11) "To avoid criticism, say nothing, do nothing, be nothing." This one from Elbert Hubbard is so true. It's better to be a person of action and receive criticism than to lack the courage to do anything at all.

12) "A leader is a dealer in hope." I really like this one from Napoleon Bonaporte because I see "HOPE" as such an important ingredient for students, staff, parents, and everyone. Without "hope," we all suffer and can't reach our potential.

13) “It’s not the will to win that matters – everyone has that. It’s the will to prepare to win that matters.” I love this one from Coach Bear Bryant. To me, this illustrates the importance of preparation and hard work. Good things happen to people that work hard.

14) "If you want to win, you can't be scared to lose." This one from Coach Jimbo Fisher really hits home. Sometimes, you have to put yourself out there and take some risks. Losses help you appreciate the wins. You have to be brave and bold at times and willing to balance risks/rewards.

15) "Teamwork is what makes common people capable of uncommon results." I love this one from Coach Pat Summitt. She was such a tremendous leader and did a wonderful job of fostering the team atmosphere.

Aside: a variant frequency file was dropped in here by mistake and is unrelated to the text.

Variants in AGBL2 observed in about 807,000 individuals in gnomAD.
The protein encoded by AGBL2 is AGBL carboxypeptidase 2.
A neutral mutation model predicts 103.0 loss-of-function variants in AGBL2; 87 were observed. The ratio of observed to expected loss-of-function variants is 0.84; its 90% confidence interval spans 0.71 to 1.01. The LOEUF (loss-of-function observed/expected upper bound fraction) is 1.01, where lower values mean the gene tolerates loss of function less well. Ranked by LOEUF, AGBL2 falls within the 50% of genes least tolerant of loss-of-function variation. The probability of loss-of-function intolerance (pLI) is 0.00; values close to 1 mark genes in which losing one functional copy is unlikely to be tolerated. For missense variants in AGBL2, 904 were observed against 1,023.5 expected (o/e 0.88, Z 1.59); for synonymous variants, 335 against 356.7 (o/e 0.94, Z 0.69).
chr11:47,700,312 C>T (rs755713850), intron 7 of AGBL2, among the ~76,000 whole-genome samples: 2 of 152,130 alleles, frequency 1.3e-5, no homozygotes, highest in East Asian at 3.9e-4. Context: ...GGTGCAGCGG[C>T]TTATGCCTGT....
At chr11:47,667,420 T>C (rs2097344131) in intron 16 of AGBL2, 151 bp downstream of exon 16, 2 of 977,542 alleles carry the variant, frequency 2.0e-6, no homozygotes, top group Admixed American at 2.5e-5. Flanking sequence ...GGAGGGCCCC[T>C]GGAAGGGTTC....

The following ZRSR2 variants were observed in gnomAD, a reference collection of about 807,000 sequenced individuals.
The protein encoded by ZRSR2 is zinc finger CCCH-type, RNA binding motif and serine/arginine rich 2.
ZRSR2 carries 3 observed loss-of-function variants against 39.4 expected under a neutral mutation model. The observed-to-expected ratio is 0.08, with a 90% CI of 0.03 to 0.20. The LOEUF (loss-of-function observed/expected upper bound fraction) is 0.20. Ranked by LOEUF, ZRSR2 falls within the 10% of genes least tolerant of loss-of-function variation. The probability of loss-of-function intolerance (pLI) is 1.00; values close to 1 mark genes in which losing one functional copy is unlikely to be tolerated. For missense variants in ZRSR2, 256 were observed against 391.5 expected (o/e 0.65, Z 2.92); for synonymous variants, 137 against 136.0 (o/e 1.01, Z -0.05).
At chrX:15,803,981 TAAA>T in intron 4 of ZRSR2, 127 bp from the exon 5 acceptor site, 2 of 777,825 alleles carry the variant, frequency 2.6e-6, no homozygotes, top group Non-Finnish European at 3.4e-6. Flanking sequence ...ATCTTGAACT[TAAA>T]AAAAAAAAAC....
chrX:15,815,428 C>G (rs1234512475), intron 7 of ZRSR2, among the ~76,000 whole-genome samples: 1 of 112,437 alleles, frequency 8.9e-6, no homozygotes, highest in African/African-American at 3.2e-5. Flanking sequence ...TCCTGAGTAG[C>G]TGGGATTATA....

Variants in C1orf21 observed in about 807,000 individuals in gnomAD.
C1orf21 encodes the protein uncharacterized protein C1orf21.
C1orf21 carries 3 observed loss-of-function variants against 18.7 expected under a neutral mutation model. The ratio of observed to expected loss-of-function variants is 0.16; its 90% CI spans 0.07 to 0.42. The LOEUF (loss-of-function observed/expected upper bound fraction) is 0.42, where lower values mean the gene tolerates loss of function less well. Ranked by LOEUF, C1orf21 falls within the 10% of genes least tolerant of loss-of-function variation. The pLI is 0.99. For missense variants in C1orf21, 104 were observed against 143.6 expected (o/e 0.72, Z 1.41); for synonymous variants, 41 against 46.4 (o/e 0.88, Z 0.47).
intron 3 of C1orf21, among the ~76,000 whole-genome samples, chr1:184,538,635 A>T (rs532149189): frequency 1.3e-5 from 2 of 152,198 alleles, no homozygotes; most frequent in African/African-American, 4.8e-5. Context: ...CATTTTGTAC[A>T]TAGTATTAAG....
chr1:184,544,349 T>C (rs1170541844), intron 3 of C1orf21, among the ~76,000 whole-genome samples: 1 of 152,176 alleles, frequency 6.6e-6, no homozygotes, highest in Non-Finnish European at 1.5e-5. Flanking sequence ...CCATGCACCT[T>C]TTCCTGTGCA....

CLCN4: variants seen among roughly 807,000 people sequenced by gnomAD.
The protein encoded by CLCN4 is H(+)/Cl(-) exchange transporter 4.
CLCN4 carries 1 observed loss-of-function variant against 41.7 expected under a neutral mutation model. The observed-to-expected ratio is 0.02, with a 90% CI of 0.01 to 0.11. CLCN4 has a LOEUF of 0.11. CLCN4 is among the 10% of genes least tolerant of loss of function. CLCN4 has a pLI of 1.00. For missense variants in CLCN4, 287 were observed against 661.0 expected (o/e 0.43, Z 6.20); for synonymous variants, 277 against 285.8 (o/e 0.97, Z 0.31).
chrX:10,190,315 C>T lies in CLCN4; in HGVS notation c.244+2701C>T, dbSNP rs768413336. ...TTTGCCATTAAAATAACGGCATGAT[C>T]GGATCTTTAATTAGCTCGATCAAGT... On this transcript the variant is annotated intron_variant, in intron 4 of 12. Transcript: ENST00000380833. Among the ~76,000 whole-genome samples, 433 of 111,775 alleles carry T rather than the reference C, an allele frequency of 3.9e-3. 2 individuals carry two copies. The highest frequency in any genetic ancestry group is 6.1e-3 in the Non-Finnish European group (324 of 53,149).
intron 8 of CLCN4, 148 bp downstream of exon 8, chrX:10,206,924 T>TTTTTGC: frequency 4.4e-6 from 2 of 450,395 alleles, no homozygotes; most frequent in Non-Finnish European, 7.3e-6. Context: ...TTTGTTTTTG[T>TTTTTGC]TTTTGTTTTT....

I hope you enjoyed some of these. Have a great week.


Tuesday, November 22, 2016

June 30, 2029

I can retire in 12.5 years! June 30, 2029 could be my last day as a public school employee. It could be. It might not be.

It blows my mind to even think of such a thing. You see, 12.5 years isn't very long. There is so much to do.

As I reflect on how much things have changed in the last 12.5 years, I can't even begin to imagine what the next 12.5 years will bring. I was 31 years old just 12.5 years ago. I will be (gulp) 56 on June 30, 2029.

In the last 12.5 years, I feel like public education has improved dramatically. We've added much more meaningful early childhood programming. We've added more dual credit opportunities in high schools. We've begun career academies and work certification programming in high schools. Before and after school programs have been added. Internships and job shadow opportunities have really ramped us as well.

What will the next 12.5 years bring? What will social media look like in 2029? How rampant will mental health issues be? Will we have more people living in poverty? Will schools be asked to do even more than we're doing now? Will school funding mechanisms change?

There are many unknowns. However, I know that I intend to enjoy the ride. I intend to work harder than ever. I intend to try to make more connections with students, staff, and patrons.